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Christmas gifts for birds and birders
Bird’s-Eye View

Christmas gifts for birds and birders

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Suet offers the fat that birds need to get through winter’s cold, and shops that offer birdseed and other bird products carry many variations on this theme, as well as items to hold the suet, which are usually in the form of cakes.

The holiday shopping season is upon us, and as you begin to draft your gift list, don’t forget the birds. Since winter officially arrives just days before Christmas, gifts that help birds survive cold weather are good choices.

The birds in your neighborhood will be well satisfied with the usual array of seeds, whether they be sunflower seeds, sunflower chips, millet, safflower seeds, peanuts or a mixture of seeds.

Even if you’re buying for someone who’s a long-standing feeder of birds, you can’t go wrong by adding another feeder to their array or a fresh bag of bird seed.

Suet offers the fat that birds need to get through winter’s cold, and shops that offer birdseed and other bird products carry many variations on this theme, as well as items to hold the suet, which are usually in the form of cakes.

In this era of COVID-19, online shopping is even more popular, as it not only enables you to shop conveniently but allows you to do so without risking exposure to the virus.

Check out www.brecksgifts.com, which offers bird food in a festive holiday arrangement with seeds in the form of wreathes and Christmas ornaments.

While you’re shopping for neighborhood birds, be sure to shop for your favorite bird-lover, too.

You can find bird-themed T-shirts at www.bigpockets.com/gifts-for-birders, as well as my favorite stocking stuffer — a binocular-shaped zipper-pull — for just $4. Or, how about an irresistible penguin plush toy for your younger grandkids.

Online shopping has its advantages, but its advent has taken a toll on local businesses, and even franchises, and many of these shopkeepers have learned to be creative in how they court their clientele.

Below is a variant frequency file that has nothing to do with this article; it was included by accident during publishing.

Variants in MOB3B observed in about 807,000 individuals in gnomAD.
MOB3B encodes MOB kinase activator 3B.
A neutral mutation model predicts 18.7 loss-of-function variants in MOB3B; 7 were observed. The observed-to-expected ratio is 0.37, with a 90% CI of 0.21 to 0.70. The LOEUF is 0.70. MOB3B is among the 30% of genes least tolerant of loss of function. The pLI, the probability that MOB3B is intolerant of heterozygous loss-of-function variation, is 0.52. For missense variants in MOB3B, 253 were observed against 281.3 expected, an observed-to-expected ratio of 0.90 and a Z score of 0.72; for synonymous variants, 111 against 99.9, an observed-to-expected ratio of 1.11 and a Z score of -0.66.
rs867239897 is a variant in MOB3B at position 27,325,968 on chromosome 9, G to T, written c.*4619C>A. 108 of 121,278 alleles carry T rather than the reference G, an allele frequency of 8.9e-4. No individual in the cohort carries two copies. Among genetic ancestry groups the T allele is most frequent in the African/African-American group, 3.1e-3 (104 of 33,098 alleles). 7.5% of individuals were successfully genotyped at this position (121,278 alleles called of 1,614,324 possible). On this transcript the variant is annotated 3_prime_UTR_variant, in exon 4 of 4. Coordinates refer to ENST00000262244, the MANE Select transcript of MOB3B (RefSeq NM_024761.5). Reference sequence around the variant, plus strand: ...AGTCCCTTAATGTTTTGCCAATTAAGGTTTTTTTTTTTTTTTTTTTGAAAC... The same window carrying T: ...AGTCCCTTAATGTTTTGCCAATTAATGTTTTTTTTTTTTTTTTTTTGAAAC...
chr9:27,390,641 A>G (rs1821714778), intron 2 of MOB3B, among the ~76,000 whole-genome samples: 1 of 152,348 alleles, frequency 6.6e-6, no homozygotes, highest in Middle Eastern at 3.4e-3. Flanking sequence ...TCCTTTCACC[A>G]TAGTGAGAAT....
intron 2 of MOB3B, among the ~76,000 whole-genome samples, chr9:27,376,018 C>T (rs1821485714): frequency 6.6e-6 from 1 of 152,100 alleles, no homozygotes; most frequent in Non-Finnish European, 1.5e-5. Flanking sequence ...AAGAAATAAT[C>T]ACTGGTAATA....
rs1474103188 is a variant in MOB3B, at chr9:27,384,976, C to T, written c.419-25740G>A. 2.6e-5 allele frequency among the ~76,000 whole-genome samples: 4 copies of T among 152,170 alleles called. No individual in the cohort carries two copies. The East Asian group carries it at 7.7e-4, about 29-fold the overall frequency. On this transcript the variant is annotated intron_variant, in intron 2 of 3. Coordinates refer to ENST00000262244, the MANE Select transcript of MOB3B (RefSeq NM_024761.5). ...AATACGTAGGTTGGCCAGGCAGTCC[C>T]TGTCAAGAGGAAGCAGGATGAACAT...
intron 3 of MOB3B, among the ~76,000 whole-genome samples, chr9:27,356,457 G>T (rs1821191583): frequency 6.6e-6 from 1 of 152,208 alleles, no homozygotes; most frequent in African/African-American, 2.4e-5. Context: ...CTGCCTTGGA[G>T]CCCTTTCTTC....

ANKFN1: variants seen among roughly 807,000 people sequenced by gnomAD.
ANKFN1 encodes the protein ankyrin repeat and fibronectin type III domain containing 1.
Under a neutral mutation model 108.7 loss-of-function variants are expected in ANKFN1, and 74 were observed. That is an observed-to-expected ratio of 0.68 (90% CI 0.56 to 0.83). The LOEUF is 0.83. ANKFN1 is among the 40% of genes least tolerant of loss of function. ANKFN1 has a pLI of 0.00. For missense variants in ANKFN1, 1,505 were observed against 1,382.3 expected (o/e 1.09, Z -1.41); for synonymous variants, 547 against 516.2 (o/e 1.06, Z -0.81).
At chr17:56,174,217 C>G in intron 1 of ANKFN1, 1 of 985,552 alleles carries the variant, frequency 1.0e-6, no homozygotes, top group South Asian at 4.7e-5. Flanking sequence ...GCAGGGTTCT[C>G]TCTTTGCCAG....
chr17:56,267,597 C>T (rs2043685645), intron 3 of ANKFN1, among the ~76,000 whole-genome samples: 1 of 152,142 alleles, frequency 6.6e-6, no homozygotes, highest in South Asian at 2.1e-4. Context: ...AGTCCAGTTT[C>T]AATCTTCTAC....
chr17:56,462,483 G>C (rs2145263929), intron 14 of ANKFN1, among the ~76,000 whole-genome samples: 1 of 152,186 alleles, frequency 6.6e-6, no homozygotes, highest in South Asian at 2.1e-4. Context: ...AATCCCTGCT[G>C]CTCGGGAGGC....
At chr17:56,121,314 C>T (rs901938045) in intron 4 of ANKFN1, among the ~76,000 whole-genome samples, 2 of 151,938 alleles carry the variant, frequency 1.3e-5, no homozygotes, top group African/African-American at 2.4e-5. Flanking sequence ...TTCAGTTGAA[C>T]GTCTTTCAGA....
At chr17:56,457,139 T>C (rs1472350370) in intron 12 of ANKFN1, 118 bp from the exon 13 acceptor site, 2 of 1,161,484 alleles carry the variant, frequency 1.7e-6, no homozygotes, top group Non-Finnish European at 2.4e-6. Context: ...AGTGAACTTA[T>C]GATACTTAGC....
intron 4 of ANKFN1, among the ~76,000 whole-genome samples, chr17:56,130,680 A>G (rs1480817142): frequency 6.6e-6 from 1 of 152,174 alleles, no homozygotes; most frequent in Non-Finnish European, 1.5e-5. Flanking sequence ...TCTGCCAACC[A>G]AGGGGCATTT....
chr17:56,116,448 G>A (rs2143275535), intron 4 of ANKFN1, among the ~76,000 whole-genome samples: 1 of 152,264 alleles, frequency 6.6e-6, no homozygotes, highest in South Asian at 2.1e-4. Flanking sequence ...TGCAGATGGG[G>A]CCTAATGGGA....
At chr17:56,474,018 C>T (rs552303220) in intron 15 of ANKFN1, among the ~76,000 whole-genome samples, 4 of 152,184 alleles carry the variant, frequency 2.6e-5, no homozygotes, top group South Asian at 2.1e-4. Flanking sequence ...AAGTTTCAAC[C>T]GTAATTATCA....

Wright’s Birding Center at 3906 Country Club Road, Winston-Salem, is owned and operated by Sarah and Nathan Gatto. You can shop their extensive variety of bird products at their website, www.wrightsbirdingcenter.com and pick them up in the store, or get them delivered free for orders of $25 or more within 15 miles of the shop. Drive-up service is available or you can shop the traditional way — in the store. Just wear a mask, please.

Forgot to bring a mask? Wrights will sell you one — bird-themed, of course. They even have bird-themed socks — perfect stocking stuffers.

Jigsaw puzzles with bird art can be a great way for parents and kids or grandparents and grandkids to enjoy each other’s company during the holidays. Wright’s carries these as well as America’s Favorite Birds adult coloring books, another way to enjoy intergenerational time together.

Heidi Bublitz at Wild Birds Unlimited, 568 Hanes Mall Blvd., says that the store's cranberry wreath is a hot seller. Maybe that’s because it contains red peppers to repel squirrels. WBU also carries seed critters in the shapes of raccoons, squirrels and owls.

And let’s not forget our feline friends. They deserve to be rewarded for giving up roaming freely in the neighborhood where they invariably feast on birds, and instead, staying inside — where they’re safer anyway. WBU has bird-shaped cat toys for indoor cats.

Placing a bird feeder close to a window, within 1 to 3 feet, will give your indoor cat endless hours of entertainment.

If you’re the handy type, do-it-yourself bird seed feeders and bird houses provide opportunities for Christmas gifts with a personal touch. There are lots of plans online for these easy projects.

And for the person who has everything, how about an Audubon membership? The gift of a membership to either National Audubon or Forsyth Audubon automatically includes membership in both. Forsyth Audubon offers a full array of bird walks, programs, conservation projects, advocacy for environmental causes and more. Go to http://forsythaudubon.org/join.

If you have a birding question or story idea, write to Bird’s-Eye View in care of Features, Winston-Salem Journal, 418 N. Marshall St., Winston-Salem, N.C. 27101, or send an email to birding@wsjournal.com. Please type “birds” in the subject line.

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